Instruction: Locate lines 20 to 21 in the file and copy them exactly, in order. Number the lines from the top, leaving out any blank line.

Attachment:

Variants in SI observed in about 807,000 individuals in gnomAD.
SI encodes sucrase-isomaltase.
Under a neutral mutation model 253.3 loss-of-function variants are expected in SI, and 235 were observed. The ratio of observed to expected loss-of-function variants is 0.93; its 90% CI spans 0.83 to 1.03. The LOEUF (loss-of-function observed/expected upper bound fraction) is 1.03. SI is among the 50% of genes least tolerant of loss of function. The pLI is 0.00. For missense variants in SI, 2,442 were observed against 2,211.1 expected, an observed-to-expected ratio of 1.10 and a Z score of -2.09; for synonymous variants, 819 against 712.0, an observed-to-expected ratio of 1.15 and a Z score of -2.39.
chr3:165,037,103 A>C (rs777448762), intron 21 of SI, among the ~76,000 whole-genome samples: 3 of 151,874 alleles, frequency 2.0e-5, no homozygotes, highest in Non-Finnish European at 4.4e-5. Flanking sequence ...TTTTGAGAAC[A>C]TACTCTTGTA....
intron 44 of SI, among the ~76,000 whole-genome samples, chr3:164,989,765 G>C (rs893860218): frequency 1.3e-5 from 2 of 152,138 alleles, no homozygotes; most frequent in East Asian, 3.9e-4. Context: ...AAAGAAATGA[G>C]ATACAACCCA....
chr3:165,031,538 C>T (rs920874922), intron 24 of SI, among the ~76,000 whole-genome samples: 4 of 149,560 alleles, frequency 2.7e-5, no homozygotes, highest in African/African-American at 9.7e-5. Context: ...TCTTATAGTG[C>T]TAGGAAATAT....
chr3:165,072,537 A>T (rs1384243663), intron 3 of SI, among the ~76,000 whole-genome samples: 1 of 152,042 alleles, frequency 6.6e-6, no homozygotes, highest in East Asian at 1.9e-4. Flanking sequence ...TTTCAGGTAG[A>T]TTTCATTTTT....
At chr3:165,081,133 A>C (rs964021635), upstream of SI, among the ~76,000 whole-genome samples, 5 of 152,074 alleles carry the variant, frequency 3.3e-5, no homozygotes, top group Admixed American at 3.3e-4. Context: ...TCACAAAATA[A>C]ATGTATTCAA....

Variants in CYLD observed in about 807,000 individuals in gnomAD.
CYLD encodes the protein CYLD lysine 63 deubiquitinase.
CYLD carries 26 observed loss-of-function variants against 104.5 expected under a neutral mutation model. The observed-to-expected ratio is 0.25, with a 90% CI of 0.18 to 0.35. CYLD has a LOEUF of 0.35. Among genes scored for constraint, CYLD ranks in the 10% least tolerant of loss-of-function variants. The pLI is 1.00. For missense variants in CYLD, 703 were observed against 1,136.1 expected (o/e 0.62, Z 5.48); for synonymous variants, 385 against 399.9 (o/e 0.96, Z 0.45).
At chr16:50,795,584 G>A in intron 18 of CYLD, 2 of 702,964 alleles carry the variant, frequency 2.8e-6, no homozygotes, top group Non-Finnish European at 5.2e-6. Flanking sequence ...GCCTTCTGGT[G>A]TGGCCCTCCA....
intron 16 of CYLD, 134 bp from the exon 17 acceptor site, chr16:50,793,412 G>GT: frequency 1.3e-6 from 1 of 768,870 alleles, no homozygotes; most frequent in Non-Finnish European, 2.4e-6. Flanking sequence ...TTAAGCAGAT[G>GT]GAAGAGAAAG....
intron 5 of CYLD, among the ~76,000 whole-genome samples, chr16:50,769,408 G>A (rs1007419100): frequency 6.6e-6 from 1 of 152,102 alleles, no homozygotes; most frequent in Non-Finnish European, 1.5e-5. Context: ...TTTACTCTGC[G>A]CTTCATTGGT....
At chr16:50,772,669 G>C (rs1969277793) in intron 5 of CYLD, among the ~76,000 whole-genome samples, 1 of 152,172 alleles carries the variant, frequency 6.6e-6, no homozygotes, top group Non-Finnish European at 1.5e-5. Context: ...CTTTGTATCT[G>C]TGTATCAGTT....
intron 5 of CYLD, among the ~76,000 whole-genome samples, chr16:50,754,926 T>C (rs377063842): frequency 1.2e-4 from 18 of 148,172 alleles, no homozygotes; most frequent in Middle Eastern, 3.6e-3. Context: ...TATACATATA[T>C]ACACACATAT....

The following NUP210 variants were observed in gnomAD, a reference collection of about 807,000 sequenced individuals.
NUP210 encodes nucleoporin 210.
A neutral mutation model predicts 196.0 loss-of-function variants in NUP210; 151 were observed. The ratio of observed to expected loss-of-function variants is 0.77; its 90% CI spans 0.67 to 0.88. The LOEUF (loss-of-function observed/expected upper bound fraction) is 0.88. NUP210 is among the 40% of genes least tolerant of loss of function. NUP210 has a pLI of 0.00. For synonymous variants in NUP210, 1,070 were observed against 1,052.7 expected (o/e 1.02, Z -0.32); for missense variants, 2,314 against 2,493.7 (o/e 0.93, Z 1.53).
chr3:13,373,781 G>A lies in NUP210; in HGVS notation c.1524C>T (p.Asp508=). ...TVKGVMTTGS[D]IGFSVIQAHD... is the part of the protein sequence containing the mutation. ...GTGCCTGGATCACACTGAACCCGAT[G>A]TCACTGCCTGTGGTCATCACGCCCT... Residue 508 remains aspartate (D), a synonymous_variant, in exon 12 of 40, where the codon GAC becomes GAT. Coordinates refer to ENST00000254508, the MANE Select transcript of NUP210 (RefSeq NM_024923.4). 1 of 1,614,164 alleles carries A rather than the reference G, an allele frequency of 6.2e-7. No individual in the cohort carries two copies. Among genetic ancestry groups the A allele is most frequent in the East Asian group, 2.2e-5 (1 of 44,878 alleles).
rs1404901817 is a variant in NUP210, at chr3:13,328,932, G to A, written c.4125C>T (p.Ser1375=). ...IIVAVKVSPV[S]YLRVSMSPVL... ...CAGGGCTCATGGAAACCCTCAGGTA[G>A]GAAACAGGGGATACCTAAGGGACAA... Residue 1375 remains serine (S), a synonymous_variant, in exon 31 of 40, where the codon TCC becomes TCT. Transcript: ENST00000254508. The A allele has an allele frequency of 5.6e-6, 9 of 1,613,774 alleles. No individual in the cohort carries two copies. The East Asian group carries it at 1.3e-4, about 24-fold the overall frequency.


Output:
chr3:13,373,781 G>A lies in NUP210; in HGVS notation c.1524C>T (p.Asp508=). ...TVKGVMTTGS[D]IGFSVIQAHD... is the part of the protein sequence containing the mutation. ...GTGCCTGGATCACACTGAACCCGAT[G>A]TCACTGCCTGTGGTCATCACGCCCT... Residue 508 remains aspartate (D), a synonymous_variant, in exon 12 of 40, where the codon GAC becomes GAT. Coordinates refer to ENST00000254508, the MANE Select transcript of NUP210 (RefSeq NM_024923.4). 1 of 1,614,164 alleles carries A rather than the reference G, an allele frequency of 6.2e-7. No individual in the cohort carries two copies. Among genetic ancestry groups the A allele is most frequent in the East Asian group, 2.2e-5 (1 of 44,878 alleles).
rs1404901817 is a variant in NUP210, at chr3:13,328,932, G to A, written c.4125C>T (p.Ser1375=). ...IIVAVKVSPV[S]YLRVSMSPVL... ...CAGGGCTCATGGAAACCCTCAGGTA[G>A]GAAACAGGGGATACCTAAGGGACAA... Residue 1375 remains serine (S), a synonymous_variant, in exon 31 of 40, where the codon TCC becomes TCT. Transcript: ENST00000254508. The A allele has an allele frequency of 5.6e-6, 9 of 1,613,774 alleles. No individual in the cohort carries two copies. The East Asian group carries it at 1.3e-4, about 24-fold the overall frequency.